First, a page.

UPFs are formulated for palatability, convenience, and extended shelf life through various processing techniques. These techniques often:

    • Reduce the fiber content: reduces satiety and harms gut health
    • Increase the glycaemic index: increases blood sugar levels, leading to insulin surges and potential long-term health implications.
    • Use artificial additives: colours, flavours, and preservatives can cause health issues such as allergies, constipation, and irritable bowel syndrome.


      Impact of junk food on body shape

      Dietary patterns significantly influence body composition and shape. The regular consumption of junk food that is rich in energy, and poor in nutrients poses a substantial threat to maintaining a healthy body shape.

      1. High-Calorie Content and Weight Gain

      • Calorie Surplus: Junk food frequently has high levels of added sugars, processed carbs, and bad fats, which contribute to an excess of calories consumed.
      • Positive Energy Balance: A positive energy balance occurs when the intake of calories is continuously less than the expenditure of calories. This phenomenon promotes weight gain, primarily due to excessive fat accumulation.


        1. Impact on Insulin Regulation:

        • Blood Sugar Spikes: The quickly absorbed carbohydrates in junk food lead to sharp increases in blood sugar.
        • Insulin Response: In response, the pancreas releases the hormone insulin, which makes it easier for cells to absorb glucose and store it as energy.
        • Insulin Resistance: Cells that are resistant to insulin become less receptive to the hormone insulin when there is a prolonged overindulgence in junk food.
        • Fat Storage: Visceral fat accumulation around the abdomen is especially encouraged by this decreased insulin sensitivity.


          1. Depletion of Muscle Mass:
          • Deficiency in Essential Nutrients: Junk food is generally deficient in essential nutrients like protein and fiber, crucial for muscle building and repair.
          • Muscle Loss: A diet deficient in these vital nutrients hinders muscle growth and contributes to a reduction in muscle mass. This decrease in muscle tissue negatively impacts metabolic rate and body shape.


            1. Long term effects

            Consuming junk food has been demonstrated to have long-term impacts on the shape of the body. Research indicates that a junk food diet consumed by the mother throughout her pregnancy and lactation may raise the risk of obesity in the kids by increasing adipocyte hypertrophy and adiposity. There is an enhanced liking for fat in the offspring of mothers who were exposed to high-fat, high-sugar diets before delivery. This suggests that the central reward system is permanently altered, increasing the desire to overindulge in pleasing foods. In addition, consuming junk food as a youngster or teenager might create dietary patterns that last a lifetime and raise the chance of obesity in the future.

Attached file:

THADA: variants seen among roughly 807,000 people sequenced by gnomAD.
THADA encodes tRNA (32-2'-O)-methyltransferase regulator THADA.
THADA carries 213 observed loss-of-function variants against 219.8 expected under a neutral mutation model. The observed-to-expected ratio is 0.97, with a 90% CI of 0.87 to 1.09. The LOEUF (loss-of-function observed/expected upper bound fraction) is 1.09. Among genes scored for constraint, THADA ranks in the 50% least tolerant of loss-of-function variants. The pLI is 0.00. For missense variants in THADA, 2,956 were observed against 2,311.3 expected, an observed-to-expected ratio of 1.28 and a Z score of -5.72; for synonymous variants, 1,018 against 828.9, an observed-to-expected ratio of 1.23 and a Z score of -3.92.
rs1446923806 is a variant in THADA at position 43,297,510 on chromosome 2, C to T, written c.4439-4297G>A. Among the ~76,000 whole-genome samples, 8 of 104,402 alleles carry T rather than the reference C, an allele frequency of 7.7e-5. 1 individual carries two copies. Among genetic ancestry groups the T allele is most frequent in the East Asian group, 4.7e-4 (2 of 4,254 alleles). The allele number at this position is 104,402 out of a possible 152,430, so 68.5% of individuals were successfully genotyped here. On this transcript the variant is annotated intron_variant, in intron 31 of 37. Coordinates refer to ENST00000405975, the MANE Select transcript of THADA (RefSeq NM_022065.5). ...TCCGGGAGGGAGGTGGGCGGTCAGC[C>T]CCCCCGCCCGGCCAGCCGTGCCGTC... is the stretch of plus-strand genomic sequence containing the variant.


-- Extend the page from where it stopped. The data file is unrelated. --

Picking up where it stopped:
Junk food consumption, in general, have a major and long-lasting impact on how the body is shaped, raising the risk of obesity and associated health problems.

            Some of the most common ailments caused by junk foods are:

            • Type 2 diabetes
            • Obesity
            • Insulin resistance
            • Heart conditions due to high levels of cholesterol
            • High reflux or Gastroesophageal Reflux Disease
            • Heartburn
            • Acute gastroenteritis


            Tips to reduce junk food consumption

            1. Increasing awareness about the negative health effects of junk food may help in reducing its consumption.
            2. Promoting healthy eating habits and providing nutrition education can persuade people to make healthier food choices.
            3. Encouraging individuals to cook and prepare creative meals at home using fresh ingredients, colorful fruits, and vegetables can reduce reliance on processed and junk food.
            4. Setting limits and avoiding frequent consumption of carbonated drinks, and fast-food items.
            5. Reading nutritional labels (given on the back of packaged items) to know the ingredients and nutritive value and selecting the healthiest one after comparing similar items.